Top state officials are requiring Wyoming schools stay closed through April 17. State Superintendent Jillian Balow and the Wyoming Department of Education have been working with districts across the state to help figure how schools will work for all students if closures persist.
Wyoming Public Radio's Catherine Wheeler spoke with Balow first about how statewide exams have been canceled for this year.
Jillian Balow: President Trump announced waivers that were available for states that would essentially exempt states from some key assessment and accountability requirements. Wyoming immediately sought the waiver and was approved. And so what that means for our state is that we will not be taking the statewide WY-TOPP assessment. And we will not be figuring formal accountability that essentially grade schools on their performance based on a number of metrics.
Essentially we are at a point across the nation, including in Wyoming, where the validity and reliability of our statewide assessment was in jeopardy because students weren't in school, and were potentially losing instructional time leading up to the test. So we're really grateful for the waiver. And, you know, at this point, we're putting the health, safety and welfare of children and families above assessments. Certainly, that's not to say that we can't continue instruction. It will just be continued instruction without the statewide assessment looming.
Catherine Wheeler: And you also waived like instructional days for schools as well. Is that correct?
JB: All schools in Wyoming from March 16 through April 3 are in a hold harmless phase, which means that students are counted as present. But the governor and I have recommended that students do not attend school in a traditional sense. We have some school districts who have opted to provide some kind of instructional activities for students and others who may have bumped up against a spring break and did not provide instructional materials for students.
So for three weeks that hold harmless is basically school districts taking time to again monitor the health, welfare and wellbeing of children and families, and then stand up alternative instructional or education plans should we need to go beyond April 3 with school closures.
CW: Is there anything that the department is considering overall to kind of help out in those circumstances?
JB: We really don't anticipate that every school district will go to virtual education. Some will be a hybrid of virtual education and maybe phone calls. Some of them will utilize our state learning management system. And so I anticipate that there will be lots of different ways that school districts leverage both traditional and virtual learning opportunities for students. But we've really been trying to think about that at the state level. We've provided additional guidance on virtual education.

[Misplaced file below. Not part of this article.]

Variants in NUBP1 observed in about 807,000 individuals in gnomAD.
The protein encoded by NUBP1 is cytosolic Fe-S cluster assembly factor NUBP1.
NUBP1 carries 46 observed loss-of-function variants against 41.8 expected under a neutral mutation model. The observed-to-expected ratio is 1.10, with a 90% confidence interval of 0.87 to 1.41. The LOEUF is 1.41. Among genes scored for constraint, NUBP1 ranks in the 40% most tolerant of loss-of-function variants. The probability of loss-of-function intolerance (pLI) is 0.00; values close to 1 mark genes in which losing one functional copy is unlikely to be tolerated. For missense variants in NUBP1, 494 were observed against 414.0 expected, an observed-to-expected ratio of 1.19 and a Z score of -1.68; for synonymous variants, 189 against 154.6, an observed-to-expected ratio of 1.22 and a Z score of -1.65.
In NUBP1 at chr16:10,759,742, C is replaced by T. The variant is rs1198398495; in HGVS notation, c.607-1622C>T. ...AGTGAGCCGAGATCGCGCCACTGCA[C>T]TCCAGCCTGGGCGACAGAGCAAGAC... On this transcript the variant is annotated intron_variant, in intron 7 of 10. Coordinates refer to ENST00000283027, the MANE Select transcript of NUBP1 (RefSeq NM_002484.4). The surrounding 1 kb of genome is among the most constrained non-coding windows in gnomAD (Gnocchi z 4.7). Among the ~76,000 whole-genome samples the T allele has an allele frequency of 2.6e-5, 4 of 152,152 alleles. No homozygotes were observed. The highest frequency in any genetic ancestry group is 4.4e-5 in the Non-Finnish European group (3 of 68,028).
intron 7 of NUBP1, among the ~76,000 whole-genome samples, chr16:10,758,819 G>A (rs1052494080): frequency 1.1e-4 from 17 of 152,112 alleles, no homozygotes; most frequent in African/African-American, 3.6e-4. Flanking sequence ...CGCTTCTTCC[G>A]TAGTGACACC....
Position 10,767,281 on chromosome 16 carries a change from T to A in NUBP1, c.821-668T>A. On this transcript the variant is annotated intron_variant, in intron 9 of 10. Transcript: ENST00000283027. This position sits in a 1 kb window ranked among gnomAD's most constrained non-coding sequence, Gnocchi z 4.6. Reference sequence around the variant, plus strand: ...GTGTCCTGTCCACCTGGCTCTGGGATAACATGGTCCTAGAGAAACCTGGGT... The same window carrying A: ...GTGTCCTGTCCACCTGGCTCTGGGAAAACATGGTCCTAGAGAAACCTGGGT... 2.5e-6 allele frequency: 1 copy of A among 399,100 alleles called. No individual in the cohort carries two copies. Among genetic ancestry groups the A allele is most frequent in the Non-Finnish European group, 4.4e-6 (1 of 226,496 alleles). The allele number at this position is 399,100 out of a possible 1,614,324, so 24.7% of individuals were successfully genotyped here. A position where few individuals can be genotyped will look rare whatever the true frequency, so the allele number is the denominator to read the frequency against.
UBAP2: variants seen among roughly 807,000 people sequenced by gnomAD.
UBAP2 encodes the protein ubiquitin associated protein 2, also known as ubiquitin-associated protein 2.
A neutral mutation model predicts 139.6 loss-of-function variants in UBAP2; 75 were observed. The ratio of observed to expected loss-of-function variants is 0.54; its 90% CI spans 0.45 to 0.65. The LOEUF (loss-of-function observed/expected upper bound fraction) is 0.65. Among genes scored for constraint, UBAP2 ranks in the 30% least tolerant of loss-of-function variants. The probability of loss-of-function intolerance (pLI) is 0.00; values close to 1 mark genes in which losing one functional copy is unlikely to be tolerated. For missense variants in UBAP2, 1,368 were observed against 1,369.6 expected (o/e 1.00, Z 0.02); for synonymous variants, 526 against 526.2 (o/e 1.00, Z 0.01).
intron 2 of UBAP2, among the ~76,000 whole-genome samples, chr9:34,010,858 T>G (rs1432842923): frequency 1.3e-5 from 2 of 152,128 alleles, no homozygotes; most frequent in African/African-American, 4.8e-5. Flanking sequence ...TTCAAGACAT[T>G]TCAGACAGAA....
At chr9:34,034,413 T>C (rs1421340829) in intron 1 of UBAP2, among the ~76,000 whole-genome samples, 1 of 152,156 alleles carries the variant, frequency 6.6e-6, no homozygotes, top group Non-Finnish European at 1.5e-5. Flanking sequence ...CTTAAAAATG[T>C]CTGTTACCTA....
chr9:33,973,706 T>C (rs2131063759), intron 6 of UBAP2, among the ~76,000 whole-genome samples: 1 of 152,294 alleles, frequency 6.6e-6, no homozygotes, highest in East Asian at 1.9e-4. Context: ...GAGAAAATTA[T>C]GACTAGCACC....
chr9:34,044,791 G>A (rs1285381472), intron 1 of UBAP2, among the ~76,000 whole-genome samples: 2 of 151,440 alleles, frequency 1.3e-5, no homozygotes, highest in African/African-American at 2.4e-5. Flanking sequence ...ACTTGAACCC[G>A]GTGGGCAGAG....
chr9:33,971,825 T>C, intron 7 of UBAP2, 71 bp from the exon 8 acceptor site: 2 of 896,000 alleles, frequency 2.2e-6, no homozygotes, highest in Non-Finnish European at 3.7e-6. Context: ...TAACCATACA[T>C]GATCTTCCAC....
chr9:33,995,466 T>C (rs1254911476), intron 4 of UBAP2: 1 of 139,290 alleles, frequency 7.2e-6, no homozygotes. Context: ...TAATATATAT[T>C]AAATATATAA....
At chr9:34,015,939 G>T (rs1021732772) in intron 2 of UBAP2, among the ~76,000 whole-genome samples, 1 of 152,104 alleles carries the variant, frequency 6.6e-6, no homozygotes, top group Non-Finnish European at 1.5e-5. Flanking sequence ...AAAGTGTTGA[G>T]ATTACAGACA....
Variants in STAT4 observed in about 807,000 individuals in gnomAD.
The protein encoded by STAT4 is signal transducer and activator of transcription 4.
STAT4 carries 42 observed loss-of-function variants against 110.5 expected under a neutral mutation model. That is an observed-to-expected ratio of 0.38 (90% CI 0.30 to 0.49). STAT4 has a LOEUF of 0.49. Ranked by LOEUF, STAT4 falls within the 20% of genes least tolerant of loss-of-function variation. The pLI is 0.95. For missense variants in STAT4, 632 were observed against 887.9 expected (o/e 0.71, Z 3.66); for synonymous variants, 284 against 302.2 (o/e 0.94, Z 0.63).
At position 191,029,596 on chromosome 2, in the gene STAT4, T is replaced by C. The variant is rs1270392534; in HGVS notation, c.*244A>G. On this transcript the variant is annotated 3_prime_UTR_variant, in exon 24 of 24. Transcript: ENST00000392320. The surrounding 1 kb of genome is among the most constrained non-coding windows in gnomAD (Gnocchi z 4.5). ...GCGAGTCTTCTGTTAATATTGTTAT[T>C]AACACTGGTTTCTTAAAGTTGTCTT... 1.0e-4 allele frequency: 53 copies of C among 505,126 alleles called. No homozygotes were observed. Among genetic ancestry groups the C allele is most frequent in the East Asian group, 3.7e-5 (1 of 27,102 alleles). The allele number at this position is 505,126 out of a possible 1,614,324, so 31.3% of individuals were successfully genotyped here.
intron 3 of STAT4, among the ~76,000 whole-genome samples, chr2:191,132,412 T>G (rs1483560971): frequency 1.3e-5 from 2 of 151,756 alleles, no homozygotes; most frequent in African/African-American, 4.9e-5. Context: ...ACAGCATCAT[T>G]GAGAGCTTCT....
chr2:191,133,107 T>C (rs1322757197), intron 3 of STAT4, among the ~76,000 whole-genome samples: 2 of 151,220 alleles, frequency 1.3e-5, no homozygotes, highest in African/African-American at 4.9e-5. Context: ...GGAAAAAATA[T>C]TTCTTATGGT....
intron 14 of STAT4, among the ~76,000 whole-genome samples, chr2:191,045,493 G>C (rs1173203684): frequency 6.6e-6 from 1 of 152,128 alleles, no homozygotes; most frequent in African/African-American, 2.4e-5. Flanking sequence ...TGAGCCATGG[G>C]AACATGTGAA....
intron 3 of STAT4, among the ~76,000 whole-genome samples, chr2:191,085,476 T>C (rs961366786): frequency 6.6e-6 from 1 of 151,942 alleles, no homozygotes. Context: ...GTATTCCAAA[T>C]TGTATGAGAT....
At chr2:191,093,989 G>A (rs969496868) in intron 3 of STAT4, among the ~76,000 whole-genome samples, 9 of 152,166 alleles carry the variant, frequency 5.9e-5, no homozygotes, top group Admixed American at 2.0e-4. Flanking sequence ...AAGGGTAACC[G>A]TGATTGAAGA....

We've provided some additional training on our learning management system called Canvas, and we'll continue to do that too. You know, I anticipate that some of the biggest needs will be around building the capacity of teaching staff and faculty in making sure that they can meet the individual needs of learners regardless of what adapted learning, form or mode they go to. So we'll just continue providing as many resources and providing technical assistance and guidance that helps all districts, but we'll stop short of prescribing what that should look like for each district, knowing that it can look different for every district.
CW: And will any of this have a direct impact on either how schools are funded or any other potential impacts into the next year or years to come based off this?
JB: At this point it's not costing the state or school districts more or less. So when I say hold harmless, it really is just that. Schools are being funded today as if they're open. Should we go beyond April 3, that may look a little bit different. What we're working with schools and superintendents across the state on right now is coming up with an alternative education program. Should we continue school closures beyond April 3, that ensures that students still have access to a high quality education and that essential teachings and learnings are still available for all students.
This interview was recorded on Wednesday, March 25, 2020. On Friday, March 27, Gov. Mark Gordon and State Public Health Officer Dr. Alexia Harrist extended three existing orders that close down public places in the state. That includes schools.
Since the announcement, Balow has issued guidance for districts to continue operation. Districts must have their adapted learning plans approved by Wyoming Department of Education by April 6.
"School doors may be closed to students, but Wyoming education is open for business. The desire by teachers to connect with their students and provide learning opportunities has been inspiring. Teaching and learning while practicing social distancing is a new concept for many. Teachers, parents, and students all need support in order for it to be successful," Balow said in a statement.
Balow said districts should be ready on April 6 to "provide an equitable education for all students in grades K-12 while access to school buildings is limited due to the COVID-19 pandemic."
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